Cecil King posted an articleDHSS Anounces Changes to Patient Certification Process see more
DHSS Anounces Changes to Physician Certification Process
Missouri's medical marijuana patients who've attempted to read their doctor's handwritten certification form will no longer have to worry. Relief is on the way.
The Department of Health and Senior Services (DHSS) is rolling out the final phase of its online system for electronic physician certification for submission of medical marijuana patients information.
Patients will no longer be able to submit manual (paper) certification forms.
That option will be removed from the MyComplia website portal where patients apply for Missouri's Medical Marijuana Patient Certification ID card.
The department regulators began contacting physicians in January to explain the upcoming changes and to offer training on the new capabilities of the online system.
Electronic submission of physician certification information will end instances of certification fraud that have occurred where patients submitted forms with invalid physician signatures.
More Security for Physicians
The new procedure offers a secure account for physicians.Their identity will be verified by the Department at the time of account creation. The physician’s current license will also be validated at the time of application review.
Lyndall Fraker, (Photo) director of the DHSS Section for Medical Marijuana Regulation said in a statement, “This new process will provide an opportunity for more direct communication between certifying physicians and the Department, which will strengthen this partnership in the shared goal of creating a safe and secure program for Missouri medical marijuana patients and their caregivers.
We have received significant positive feedback from physicians and patients about this improvement in application processes and appreciate their input and cooperation during this transition.”
Pursuant to Missouri law, a physician certification form for a medical marijuana patient applicant must be completed and signed by a Missouri licensed physician who is active and in good standing to practice medicine or osteopathy.
Patients and physicians are encouraged to contact the Section for Medical Marijuana Regulation with questions or if assistance is needed.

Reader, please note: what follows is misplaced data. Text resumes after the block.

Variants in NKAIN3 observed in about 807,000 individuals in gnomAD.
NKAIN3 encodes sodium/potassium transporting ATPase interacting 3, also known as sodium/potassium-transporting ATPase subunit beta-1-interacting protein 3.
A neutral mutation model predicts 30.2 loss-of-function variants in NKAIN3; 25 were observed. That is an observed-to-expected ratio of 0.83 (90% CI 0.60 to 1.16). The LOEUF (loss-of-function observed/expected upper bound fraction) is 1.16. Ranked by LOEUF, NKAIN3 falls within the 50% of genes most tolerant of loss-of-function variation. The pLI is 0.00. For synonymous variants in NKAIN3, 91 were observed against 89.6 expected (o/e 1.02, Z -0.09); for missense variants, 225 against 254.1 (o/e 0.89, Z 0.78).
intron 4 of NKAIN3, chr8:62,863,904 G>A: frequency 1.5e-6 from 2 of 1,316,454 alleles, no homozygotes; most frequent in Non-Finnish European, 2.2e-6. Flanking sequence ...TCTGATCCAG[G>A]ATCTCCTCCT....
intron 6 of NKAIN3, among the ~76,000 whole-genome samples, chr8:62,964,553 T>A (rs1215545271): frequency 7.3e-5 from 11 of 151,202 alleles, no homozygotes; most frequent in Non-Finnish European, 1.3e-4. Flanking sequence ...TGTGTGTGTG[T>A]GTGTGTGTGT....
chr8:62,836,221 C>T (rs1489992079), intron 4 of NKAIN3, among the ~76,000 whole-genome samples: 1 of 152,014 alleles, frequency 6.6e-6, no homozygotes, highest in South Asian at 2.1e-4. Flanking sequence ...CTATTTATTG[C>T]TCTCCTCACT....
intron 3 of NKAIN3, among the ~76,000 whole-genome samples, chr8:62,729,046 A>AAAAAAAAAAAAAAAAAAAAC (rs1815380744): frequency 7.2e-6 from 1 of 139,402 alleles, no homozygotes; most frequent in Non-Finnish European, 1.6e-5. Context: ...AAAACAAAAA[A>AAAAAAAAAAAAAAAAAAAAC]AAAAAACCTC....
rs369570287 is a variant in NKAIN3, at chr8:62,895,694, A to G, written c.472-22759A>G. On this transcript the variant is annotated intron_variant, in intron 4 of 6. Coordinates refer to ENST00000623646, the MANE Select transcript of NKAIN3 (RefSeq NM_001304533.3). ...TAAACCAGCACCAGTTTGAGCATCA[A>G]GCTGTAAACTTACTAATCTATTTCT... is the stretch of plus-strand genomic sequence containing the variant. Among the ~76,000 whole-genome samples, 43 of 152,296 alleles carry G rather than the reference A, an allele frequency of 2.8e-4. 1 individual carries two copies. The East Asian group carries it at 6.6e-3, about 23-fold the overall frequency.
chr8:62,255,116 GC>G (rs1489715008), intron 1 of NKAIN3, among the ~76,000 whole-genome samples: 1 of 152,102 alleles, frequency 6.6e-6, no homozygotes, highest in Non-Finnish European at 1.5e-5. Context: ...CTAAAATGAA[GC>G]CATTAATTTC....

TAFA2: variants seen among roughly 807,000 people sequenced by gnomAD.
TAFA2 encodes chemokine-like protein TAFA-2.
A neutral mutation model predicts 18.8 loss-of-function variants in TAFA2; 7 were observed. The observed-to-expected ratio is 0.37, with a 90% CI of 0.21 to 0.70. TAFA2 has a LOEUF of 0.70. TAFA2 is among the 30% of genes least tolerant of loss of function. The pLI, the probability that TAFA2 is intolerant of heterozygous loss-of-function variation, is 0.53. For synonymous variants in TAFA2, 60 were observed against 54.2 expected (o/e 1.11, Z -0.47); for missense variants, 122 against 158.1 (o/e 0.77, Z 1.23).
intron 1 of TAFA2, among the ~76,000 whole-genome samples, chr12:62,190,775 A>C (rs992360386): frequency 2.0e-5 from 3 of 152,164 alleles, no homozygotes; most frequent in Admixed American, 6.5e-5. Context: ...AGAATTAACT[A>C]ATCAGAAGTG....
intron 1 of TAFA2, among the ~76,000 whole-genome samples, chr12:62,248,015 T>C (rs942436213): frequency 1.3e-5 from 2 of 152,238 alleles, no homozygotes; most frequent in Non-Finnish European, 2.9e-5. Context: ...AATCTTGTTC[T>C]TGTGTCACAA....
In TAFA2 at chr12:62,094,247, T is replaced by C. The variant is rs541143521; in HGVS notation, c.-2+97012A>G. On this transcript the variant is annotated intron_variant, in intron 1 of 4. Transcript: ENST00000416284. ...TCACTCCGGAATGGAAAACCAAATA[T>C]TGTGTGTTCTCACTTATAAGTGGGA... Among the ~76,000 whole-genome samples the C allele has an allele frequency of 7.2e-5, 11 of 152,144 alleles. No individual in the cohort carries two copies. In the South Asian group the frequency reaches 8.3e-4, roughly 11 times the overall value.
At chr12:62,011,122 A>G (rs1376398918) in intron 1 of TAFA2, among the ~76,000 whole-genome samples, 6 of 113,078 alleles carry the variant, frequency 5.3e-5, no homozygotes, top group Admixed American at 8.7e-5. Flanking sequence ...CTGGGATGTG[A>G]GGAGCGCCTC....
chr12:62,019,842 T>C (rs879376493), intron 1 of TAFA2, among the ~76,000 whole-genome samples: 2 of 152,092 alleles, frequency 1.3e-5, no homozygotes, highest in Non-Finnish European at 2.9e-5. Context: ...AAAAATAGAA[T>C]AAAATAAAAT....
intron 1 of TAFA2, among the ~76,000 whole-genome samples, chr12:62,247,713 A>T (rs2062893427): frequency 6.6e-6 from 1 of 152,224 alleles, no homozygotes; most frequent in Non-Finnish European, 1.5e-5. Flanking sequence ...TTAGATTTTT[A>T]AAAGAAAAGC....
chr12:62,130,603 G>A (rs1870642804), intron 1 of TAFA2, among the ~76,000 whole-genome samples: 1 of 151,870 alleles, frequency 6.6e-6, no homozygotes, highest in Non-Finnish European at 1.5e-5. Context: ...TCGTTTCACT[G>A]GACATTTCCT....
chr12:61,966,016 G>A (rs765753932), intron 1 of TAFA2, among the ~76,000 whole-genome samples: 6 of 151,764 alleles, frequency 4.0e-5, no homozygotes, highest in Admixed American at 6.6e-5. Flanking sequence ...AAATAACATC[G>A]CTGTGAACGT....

Additional information will be posted at medicalmarijuana.mo.gov.
Cecil King posted an articleDon't let this medical marijuana certification scam happen to you! see more
Keep on the lookout for medical marijuana scams!
The Better Business Bureau is advising consumers to be cautious working with MoGreenCard.com, a medical marijuana consulting company based out of O'Fallon, Mo.
The bureau gave MoGreenCard.com an 'F' rating, which is the lowest on the BBB's scale. Several recent unanswered complaints and negative customer reviews led the organization to give the consulting company the rating.
Consumers have reported to the bureau that MoGreenCard.com failed to file paperwork with the state on their behalf, did not issue refunds when requested to do so, failed to communicate, and provided poor customer service. These customers paid anywhere from $200 to $300 for medical evaluations. Reports to the BBB included medical marijuana patients, caregivers, and home cultivator patients who were all scammed.
In Missouri, physician certifications are only valid for 30 days, and some consumers reported that their documents expired before paperwork was finished. That meant they had to pay to get another certification to complete the process.
DHSS and the Missouri Cannabis Industry Association have a few suggestions to avoid Missouri Marijuana Patient certification scams. Remember these guidelines:
Conduct a Primary Source Verification of the Physician
Every medical doctor (MD) or osteopath (OD) must be licensed and listed in the Missouri Division of Professional Registration in order to provide you with a Medical Marijuana Certification. Ask the certification provider for the full name and license number of the doctor giving the certification. You can then verify their current license at the Missouri Division of Professional Registration.
Verify the Medical Marijuana Certification Company
Your best source for selecting a legitimate company is to ask friends or colleagues who are patient cardholders for a recommendation. Medical marijuana certification companies will usually hire doctors on a contractual basis to conduct patient evaluations. Your doctor may be legitimate, but he or she could just be an employee who gets compensated at a predetermined rate per patient. The certification company handles the payments, marketing, business expenses, HIPPA compliance, patient records security, transaction fees, and a host of other business related tasks where fraud could take place.
Check with the Better Business Bureau, online medical cannabis groups, or past customers to see if there are any complaints or problems with past evaluations. If something doesn't seem right, it's better to move on to another company for your medical marijuana certification.
A medical marijuana certification online or in person should follow specific procedures.
When your doctor conducts your evaluation, make sure that you are receiving a thorough examination. The doctor should inquire about your medical condition and ask you for detailed information about your condition.
If your evaluation feels too quick or rushed, then it means that your doctor is probably not complying with the Medical Board’s guidelines. A 5-minute evaluation doesn’t typically represent a legitimate evaluation for a physician’s certification of a patient.
Contact MCIA for more information.